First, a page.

One of the things I enjoy most about our podcast interviews on the VeryPink Knits podcast is seeing the connections. Sometimes one interview connects to another in interesting ways. Other stories connect listeners to a new charity, to see the connection between knitting and science or history, or the story brings non-knitters into our midst if only to hear the story of energy-producing yarn or about a historic wool mill.
This week I have another giveaway of alpaca yarn from Phi Beta Paca Alpacas & Yarns. I met with Frana on one of my earliest interviews last year. She told me via email that hay prices are high because there is a drought in the area. It's not easy keeping a herd of alpacas fed, but if the weather doesn't cooperate it's even harder.
Which connects us back to this latest episode featuring the founders of The Tempestry Project. If you haven't listened (why not?), the group is using knitting to visualize historic weather data to drive conversations about climate change. We've heard from so many knitters who want to make tempestries to illustrate the changing temperatures in their own towns. We even heard from a knitter who is married to a professor in climate science. She's going to knit tempestries for his office. I would love to hear how that goes over with the climate scientists.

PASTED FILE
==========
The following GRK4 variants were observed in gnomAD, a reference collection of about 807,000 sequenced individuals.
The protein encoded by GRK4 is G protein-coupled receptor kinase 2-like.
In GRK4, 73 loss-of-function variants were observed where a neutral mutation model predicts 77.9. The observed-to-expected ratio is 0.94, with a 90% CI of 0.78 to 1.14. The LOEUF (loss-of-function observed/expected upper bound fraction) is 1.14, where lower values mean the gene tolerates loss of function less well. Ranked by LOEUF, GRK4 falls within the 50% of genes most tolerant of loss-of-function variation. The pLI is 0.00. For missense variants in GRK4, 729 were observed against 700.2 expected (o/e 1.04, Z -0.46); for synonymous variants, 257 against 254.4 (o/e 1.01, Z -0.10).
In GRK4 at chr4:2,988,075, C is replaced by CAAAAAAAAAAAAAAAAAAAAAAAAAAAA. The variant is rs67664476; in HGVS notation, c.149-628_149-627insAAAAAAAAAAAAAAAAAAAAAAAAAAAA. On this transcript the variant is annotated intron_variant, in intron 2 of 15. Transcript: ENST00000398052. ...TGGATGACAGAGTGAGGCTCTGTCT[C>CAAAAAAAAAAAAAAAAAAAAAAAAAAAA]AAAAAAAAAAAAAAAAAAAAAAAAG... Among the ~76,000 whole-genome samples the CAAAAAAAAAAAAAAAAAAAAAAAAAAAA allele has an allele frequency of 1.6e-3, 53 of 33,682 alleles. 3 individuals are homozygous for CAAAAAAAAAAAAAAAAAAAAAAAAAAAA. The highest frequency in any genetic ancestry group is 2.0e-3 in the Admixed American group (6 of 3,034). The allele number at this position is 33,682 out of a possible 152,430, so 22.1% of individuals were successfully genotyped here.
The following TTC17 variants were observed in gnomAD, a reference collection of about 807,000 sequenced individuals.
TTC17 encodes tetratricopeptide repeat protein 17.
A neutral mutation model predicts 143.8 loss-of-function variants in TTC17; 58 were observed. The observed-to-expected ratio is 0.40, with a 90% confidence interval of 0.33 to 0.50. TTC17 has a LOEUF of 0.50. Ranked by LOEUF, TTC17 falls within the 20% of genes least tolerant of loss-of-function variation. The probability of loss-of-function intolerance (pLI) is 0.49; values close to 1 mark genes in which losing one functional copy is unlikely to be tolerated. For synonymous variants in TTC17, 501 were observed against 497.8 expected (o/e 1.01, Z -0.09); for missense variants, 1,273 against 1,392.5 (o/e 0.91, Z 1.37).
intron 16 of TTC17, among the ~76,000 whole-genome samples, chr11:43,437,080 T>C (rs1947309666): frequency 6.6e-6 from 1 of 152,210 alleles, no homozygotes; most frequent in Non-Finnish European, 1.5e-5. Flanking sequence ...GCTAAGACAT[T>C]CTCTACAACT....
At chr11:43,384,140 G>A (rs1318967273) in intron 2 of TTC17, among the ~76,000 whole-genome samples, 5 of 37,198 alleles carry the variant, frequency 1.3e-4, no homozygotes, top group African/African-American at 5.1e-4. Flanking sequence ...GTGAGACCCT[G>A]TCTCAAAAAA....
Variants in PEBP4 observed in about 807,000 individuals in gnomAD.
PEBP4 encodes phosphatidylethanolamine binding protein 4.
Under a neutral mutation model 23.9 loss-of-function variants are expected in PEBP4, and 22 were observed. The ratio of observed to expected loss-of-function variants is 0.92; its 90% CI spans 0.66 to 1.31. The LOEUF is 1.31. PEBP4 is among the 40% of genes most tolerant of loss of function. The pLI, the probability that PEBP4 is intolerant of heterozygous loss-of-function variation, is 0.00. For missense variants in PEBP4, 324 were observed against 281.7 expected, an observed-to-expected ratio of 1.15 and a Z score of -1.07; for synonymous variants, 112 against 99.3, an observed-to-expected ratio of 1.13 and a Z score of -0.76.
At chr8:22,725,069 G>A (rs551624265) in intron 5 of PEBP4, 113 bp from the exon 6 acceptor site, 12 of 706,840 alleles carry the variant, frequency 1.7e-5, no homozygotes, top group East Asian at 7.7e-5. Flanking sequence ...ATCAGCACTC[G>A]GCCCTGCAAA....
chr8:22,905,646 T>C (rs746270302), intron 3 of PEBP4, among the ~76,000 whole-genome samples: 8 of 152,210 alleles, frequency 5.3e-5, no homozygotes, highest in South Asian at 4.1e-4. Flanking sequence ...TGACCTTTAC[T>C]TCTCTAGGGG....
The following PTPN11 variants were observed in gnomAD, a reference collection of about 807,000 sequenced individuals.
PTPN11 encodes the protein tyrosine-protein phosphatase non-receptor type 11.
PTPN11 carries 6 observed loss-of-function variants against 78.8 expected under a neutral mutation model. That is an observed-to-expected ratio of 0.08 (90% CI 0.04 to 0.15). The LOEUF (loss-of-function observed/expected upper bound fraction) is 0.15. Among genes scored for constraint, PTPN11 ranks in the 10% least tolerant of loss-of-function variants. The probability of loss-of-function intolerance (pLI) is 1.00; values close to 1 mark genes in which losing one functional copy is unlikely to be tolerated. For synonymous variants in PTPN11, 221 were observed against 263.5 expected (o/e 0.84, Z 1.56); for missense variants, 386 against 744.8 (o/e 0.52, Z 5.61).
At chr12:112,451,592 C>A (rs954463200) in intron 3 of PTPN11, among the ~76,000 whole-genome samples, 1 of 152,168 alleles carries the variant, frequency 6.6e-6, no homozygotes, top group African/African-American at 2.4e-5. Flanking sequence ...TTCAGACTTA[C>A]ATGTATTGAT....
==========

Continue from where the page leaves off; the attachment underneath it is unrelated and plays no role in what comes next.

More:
Please keep us updated on your tempestry projects or other knitting connections you make after listening to our podcast. Do you have any ideas for a great interview? Comment below or send me an email.
To enter to win this blue skein of yarn, fill out the form below! What would you name this beautiful baby alpaca (pictured in front)? His mother's name is Diamond. According to Frana, "she got her name because her fleece shone so brightly in the sun when she was first born." What a beautiful creature!
Winner selected! The baby's name is Mochi, named after the desert. Congrats to Suzanne!